Category Archives: OWASP

Open Web Application Security Project

XSS – Understanding Cross Site Scripting

If it hasn’t already, Cross-Site Scripting (XSS) will soon be replacing SQL injection as the new buzzword in the security sector. XSS will continually be a topic on this blog as well as others [1],[2],[3],[4]. Due to this fact, I think a primer would be a good idea for those who don’t know or understand this problem.

Many articles have been written about Cross-Site Scripting and if you want to have a better understanding of the problem, I suggest you read those documents (Links at the bottom of the post).

Basically, There are 3 types of Cross-Site Scripting:

  1. Stored/Non-Reflective/Persistent Cross Site Scripting (User visits the XSS’ed page)
  2. Non-Stored/Reflective/Reflected Cross Sited Scripting (User clicks a link that embeds the script into the loaded page)
  3. DOM Based Cross Site Scripting (please read this article)

All of these names make it confusing for a first timer to understand XSS. There really should be a better web application security standards organization. Here is a breakdown of Persistent XSS and Reflective XSS. These are the big two that most people talk about when they are referring to Cross Site Scripting. If you understand these well, you will be able to participate in 90% of XSS conversations.

Persistent Cross-Site Scripting
Persistent XSS is arguably more dangerous than reflective XSS. This attack embeds the malicious script permanently into the web application. The script will then wait until people access the page it is located on.

Here is an attack using Persistent Cross-Site Scripting:

  1. The victim visits a website they trust, amazon.com.
  2. A script has been inserted by an attacker on a page they happen to visit while on amazon.com.
  3. The script executes in the context of amazon.com.
  4. The victim is then compromised.

Note: Obviously, someone can increase the chances of the victim visiting this page (step 2) through social engineering, phishing, etc.

Reflective Cross-Site Scripting
These are the ones the media usually reports on. [1],[2],[3]. In this attack, some type of social engineering is involved for the attack to be successful.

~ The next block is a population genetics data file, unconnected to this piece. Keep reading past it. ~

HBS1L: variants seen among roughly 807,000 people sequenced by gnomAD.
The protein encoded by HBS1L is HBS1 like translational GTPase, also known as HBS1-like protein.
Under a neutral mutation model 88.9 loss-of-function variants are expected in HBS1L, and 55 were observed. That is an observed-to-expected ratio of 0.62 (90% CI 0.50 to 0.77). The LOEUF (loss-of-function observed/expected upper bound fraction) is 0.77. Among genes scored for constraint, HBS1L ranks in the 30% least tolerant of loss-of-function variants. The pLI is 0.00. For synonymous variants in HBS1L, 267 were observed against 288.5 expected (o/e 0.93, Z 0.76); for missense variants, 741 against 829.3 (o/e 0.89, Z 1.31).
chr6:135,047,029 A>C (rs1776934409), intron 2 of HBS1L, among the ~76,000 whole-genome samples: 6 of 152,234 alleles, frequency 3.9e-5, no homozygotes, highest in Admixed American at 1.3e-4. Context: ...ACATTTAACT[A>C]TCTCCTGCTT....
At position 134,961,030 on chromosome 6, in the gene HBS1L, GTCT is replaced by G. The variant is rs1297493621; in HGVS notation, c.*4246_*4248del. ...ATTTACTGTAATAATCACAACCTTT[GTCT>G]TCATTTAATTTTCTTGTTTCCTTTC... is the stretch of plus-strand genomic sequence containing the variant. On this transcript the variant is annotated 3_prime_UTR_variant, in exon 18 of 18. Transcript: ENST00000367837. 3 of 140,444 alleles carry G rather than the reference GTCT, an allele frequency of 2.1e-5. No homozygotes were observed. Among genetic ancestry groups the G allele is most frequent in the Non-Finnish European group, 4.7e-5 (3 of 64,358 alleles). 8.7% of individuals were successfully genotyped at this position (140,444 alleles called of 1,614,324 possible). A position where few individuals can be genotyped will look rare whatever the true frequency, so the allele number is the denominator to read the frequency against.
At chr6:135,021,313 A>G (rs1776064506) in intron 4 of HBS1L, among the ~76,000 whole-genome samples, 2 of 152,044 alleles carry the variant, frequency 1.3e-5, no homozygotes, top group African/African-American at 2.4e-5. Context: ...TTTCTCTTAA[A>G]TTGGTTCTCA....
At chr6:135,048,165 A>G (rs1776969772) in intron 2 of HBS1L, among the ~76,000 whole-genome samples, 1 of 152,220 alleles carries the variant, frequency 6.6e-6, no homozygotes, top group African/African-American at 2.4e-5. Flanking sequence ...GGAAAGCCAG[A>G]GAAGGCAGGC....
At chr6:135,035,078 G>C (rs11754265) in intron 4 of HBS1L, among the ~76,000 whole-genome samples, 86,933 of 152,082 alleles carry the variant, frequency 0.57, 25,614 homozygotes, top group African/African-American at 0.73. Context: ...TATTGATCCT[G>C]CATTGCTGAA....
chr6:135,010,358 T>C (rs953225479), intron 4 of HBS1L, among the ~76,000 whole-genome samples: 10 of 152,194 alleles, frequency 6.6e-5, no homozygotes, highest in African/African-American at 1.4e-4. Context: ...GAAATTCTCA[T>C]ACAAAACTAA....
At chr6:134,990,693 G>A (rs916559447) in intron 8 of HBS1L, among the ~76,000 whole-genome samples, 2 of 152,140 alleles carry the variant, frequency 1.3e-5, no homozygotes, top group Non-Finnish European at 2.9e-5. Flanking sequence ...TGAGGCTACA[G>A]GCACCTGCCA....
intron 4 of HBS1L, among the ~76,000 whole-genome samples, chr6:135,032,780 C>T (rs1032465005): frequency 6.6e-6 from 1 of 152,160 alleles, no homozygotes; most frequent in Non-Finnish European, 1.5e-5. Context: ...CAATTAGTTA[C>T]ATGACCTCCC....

Here is an attack, using Reflective Cross-Site Scripting:

  1. The victim gets an email/Instant Message that contains a link.
  2. The victim clicks the link. (Requires User Intervention)
  3. A script has been inserted by an attacker on the page they then visit.
  4. The script executes in the context of that site.
  5. The victim is then compromised.

Note: I want to reiterate that this attack requires some type of user intervention (step 2).

Why is Cross-Site Scripting Bad?
Cross-Site Scripting can lead to all sorts of different exploits, including system compromise. For an attacker to do this, they need to break out of the browser’s context. We have seen examples that breaking out of the browser is not that hard to do.

In addition, an attacker can also establish a bi-directional channel using iframes. This creates a man-in-the-middle attack. The attacker can then intercept key strokes, use the victim as an intranet portscanner, and even stealing creditials. The attacker is only limited by their knowledge of scripting.


Example of a bi-directional channel

Hopefully, this gives you a better understanding of Cross-Site Scripting. Feel free to leave comments if you don’t understand something and I will address it in the article.

Additional Resources:
Cross-Site Scripting (XSS) FAQ
OWASP Guide to XSS
XSS tutorial
XSS Video Tutorial (via youtube)
XSS Attack API